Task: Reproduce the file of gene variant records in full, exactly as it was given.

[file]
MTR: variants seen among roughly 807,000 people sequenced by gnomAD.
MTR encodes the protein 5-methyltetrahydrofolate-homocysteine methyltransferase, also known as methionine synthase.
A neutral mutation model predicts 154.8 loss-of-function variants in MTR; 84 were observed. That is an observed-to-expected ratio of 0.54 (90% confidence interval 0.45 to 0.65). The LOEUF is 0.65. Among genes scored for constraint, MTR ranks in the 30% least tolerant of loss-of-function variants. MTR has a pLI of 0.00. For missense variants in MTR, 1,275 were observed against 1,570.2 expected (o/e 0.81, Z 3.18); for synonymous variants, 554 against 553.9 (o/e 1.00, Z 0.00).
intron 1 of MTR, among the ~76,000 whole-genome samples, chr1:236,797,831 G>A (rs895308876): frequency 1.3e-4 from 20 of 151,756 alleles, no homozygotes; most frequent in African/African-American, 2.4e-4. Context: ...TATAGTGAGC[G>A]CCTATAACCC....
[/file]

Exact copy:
MTR: variants seen among roughly 807,000 people sequenced by gnomAD.
MTR encodes the protein 5-methyltetrahydrofolate-homocysteine methyltransferase, also known as methionine synthase.
A neutral mutation model predicts 154.8 loss-of-function variants in MTR; 84 were observed. That is an observed-to-expected ratio of 0.54 (90% confidence interval 0.45 to 0.65). The LOEUF is 0.65. Among genes scored for constraint, MTR ranks in the 30% least tolerant of loss-of-function variants. MTR has a pLI of 0.00. For missense variants in MTR, 1,275 were observed against 1,570.2 expected (o/e 0.81, Z 3.18); for synonymous variants, 554 against 553.9 (o/e 1.00, Z 0.00).
intron 1 of MTR, among the ~76,000 whole-genome samples, chr1:236,797,831 G>A (rs895308876): frequency 1.3e-4 from 20 of 151,756 alleles, no homozygotes; most frequent in African/African-American, 2.4e-4. Context: ...TATAGTGAGC[G>A]CCTATAACCC....